In this activity, the computer chooses a times table and shifts it. Can you work out the table and the shift each time?
In a square in which the houses are evenly spaced, numbers 3 and 10
are opposite each other. What is the smallest and what is the
largest possible number of houses in the square?
A game for two people, or play online. Given a target number, say 23, and a range of numbers to choose from, say 1-4, players take it in turns to add to the running total to hit their target.
Can you work out the arrangement of the digits in the square so
that the given products are correct? The numbers 1 - 9 may be used
once and once only.
Can you find a relationship between the number of dots on the
circle and the number of steps that will ensure that all points are
In this problem we are looking at sets of parallel sticks that
cross each other. What is the least number of crossings you can
make? And the greatest?
A game that tests your understanding of remainders.
Imagine a wheel with different markings painted on it at regular
intervals. Can you predict the colour of the 18th mark? The 100th
A mathematician goes into a supermarket and buys four items. Using
a calculator she multiplies the cost instead of adding them. How
can her answer be the same as the total at the till?
Follow the clues to find the mystery number.
Suppose we allow ourselves to use three numbers less than 10 and
multiply them together. How many different products can you find?
How do you know you've got them all?
An environment which simulates working with Cuisenaire rods.
Here is a machine with four coloured lights. Can you develop a strategy to work out the rules controlling each light?
What is the lowest number which always leaves a remainder of 1 when
divided by each of the numbers from 2 to 10?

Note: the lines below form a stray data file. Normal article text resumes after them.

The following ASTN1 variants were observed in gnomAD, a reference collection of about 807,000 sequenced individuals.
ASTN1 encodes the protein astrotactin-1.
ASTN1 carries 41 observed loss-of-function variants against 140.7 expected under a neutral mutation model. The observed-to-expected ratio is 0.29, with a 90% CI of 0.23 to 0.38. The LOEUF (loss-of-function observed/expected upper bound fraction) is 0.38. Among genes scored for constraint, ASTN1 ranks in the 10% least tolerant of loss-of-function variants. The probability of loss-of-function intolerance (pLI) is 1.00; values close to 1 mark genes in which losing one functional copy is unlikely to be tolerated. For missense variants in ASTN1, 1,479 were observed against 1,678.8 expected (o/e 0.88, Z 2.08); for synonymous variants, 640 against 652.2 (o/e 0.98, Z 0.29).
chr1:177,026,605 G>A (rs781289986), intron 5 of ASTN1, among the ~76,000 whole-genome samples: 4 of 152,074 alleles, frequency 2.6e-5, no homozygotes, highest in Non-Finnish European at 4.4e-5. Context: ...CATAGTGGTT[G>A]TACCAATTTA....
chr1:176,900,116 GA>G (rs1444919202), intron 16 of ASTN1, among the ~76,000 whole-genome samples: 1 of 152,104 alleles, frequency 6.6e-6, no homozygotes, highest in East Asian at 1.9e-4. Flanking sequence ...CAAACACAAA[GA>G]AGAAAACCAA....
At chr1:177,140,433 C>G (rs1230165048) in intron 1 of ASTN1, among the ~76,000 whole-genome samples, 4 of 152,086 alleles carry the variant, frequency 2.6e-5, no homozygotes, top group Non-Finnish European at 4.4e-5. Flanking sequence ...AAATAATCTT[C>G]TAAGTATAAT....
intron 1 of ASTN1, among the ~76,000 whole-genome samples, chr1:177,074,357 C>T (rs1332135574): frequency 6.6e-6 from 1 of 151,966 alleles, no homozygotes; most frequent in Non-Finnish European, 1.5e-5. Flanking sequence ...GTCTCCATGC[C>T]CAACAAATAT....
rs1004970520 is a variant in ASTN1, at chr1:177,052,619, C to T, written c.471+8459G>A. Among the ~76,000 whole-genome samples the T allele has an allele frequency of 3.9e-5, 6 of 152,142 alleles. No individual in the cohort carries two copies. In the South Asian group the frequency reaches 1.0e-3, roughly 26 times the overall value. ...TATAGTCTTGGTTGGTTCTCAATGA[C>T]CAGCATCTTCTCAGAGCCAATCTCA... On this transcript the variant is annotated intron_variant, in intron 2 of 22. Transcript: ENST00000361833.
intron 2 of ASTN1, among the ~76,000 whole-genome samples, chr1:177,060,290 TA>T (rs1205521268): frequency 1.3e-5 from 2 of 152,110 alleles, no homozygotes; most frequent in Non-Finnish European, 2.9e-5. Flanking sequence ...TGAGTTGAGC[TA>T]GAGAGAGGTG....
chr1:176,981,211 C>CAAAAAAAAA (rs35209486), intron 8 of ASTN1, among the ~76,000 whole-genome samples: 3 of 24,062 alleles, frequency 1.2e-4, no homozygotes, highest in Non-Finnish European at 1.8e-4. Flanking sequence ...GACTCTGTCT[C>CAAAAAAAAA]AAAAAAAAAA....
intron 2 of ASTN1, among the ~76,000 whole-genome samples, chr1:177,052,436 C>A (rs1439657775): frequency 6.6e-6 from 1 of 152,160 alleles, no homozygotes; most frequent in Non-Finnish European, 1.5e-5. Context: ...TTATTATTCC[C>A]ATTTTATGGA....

Becky created a number plumber which multiplies by 5 and subtracts
4. What do you notice about the numbers that it produces? Can you
explain your findings?
Is it possible to draw a 5-pointed star without taking your pencil
off the paper? Is it possible to draw a 6-pointed star in the same
way without taking your pen off?
Find some examples of pairs of numbers such that their sum is a
factor of their product. eg. 4 + 12 = 16 and 4 × 12 = 48 and
16 is a factor of 48.
The clues for this Sudoku are the product of the numbers in adjacent squares.
List any 3 numbers. It is always possible to find a subset of
adjacent numbers that add up to a multiple of 3. Can you explain
why and prove it?
This article for teachers describes how number arrays can be a
useful reprentation for many number concepts.
Investigate the sum of the numbers on the top and bottom faces of a line of three dice. What do you notice?
Each light in this interactivity turns on according to a rule. What happens when you enter different numbers? Can you find the smallest number that lights up all four lights?
Can you see how these factor-multiple chains work? Find the chain which contains the smallest possible numbers. How about the largest possible numbers?
I'm thinking of a number. When my number is divided by 5 the
remainder is 4. When my number is divided by 3 the remainder is 2.
Can you find my number?
Complete the magic square using the numbers 1 to 25 once each. Each
row, column and diagonal adds up to 65.